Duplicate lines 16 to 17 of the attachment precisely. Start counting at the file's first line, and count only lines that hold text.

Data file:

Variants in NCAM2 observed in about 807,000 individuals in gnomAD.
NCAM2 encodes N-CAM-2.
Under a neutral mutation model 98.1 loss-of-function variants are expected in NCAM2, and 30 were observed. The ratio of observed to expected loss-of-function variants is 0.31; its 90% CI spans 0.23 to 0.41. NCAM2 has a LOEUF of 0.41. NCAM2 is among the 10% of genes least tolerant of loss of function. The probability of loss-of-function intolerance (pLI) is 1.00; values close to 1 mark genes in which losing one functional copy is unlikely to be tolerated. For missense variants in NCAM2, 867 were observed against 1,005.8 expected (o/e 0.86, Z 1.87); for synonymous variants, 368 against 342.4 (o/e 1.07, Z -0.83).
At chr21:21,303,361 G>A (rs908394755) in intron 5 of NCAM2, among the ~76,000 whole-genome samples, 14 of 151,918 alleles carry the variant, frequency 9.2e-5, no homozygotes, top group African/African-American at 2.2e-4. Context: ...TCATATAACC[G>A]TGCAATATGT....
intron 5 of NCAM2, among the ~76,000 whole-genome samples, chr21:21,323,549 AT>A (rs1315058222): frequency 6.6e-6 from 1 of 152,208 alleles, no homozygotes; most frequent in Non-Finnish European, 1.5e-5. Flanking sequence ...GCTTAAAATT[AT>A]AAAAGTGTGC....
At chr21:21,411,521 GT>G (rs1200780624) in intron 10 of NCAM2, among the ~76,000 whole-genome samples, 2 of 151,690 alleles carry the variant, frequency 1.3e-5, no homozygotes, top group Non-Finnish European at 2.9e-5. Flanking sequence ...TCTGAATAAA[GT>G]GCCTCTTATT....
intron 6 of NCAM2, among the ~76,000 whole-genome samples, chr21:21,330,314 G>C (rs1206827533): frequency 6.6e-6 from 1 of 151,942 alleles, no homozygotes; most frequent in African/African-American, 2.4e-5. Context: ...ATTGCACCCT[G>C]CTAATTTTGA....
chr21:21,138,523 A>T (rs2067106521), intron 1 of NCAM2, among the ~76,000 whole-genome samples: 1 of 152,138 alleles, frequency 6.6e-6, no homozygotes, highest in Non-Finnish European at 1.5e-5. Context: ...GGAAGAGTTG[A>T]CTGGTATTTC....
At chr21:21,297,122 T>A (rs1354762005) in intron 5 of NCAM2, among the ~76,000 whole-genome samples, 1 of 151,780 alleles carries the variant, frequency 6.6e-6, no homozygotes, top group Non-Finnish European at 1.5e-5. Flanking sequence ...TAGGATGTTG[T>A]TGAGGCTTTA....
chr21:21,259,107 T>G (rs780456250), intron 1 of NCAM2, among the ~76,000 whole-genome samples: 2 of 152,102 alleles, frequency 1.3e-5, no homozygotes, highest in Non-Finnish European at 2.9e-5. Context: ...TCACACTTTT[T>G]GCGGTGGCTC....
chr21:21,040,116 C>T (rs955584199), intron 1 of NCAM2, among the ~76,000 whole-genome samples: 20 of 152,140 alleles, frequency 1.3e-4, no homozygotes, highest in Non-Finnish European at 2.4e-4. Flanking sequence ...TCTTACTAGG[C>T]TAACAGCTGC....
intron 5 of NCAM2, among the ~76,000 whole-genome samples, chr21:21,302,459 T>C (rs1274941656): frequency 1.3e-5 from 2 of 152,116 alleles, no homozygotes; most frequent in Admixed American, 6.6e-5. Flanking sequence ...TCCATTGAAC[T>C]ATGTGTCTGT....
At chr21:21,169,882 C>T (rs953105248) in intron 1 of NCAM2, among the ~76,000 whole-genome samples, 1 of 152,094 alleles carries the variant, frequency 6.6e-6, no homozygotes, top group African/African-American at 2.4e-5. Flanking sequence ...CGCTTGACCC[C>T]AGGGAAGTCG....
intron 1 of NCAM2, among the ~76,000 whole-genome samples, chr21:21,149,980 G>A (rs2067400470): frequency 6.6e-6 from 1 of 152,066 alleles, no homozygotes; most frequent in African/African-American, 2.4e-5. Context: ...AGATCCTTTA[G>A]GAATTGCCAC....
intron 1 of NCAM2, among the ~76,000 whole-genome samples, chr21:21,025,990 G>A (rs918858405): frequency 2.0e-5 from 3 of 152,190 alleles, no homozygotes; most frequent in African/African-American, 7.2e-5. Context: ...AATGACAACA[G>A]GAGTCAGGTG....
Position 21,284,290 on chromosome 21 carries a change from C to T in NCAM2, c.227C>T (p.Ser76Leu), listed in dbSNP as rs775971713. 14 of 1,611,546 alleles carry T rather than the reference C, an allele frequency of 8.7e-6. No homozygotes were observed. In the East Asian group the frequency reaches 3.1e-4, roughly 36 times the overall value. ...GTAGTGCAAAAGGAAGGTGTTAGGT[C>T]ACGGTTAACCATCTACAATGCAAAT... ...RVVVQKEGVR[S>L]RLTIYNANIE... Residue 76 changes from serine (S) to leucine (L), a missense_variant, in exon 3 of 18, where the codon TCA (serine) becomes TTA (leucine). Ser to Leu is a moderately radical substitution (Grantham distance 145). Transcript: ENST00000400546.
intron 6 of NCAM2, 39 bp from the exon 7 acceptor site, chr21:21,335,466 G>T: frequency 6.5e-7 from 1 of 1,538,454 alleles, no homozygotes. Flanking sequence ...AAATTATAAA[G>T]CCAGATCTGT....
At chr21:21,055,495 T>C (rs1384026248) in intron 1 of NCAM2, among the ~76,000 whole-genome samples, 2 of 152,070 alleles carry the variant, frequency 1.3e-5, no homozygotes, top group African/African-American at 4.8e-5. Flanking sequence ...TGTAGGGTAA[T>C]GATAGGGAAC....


Position 21,284,290 on chromosome 21 carries a change from C to T in NCAM2, c.227C>T (p.Ser76Leu), listed in dbSNP as rs775971713. 14 of 1,611,546 alleles carry T rather than the reference C, an allele frequency of 8.7e-6. No homozygotes were observed. In the East Asian group the frequency reaches 3.1e-4, roughly 36 times the overall value. ...GTAGTGCAAAAGGAAGGTGTTAGGT[C>T]ACGGTTAACCATCTACAATGCAAAT... ...RVVVQKEGVR[S>L]RLTIYNANIE... Residue 76 changes from serine (S) to leucine (L), a missense_variant, in exon 3 of 18, where the codon TCA (serine) becomes TTA (leucine). Ser to Leu is a moderately radical substitution (Grantham distance 145). Transcript: ENST00000400546.
intron 6 of NCAM2, 39 bp from the exon 7 acceptor site, chr21:21,335,466 G>T: frequency 6.5e-7 from 1 of 1,538,454 alleles, no homozygotes. Flanking sequence ...AAATTATAAA[G>T]CCAGATCTGT....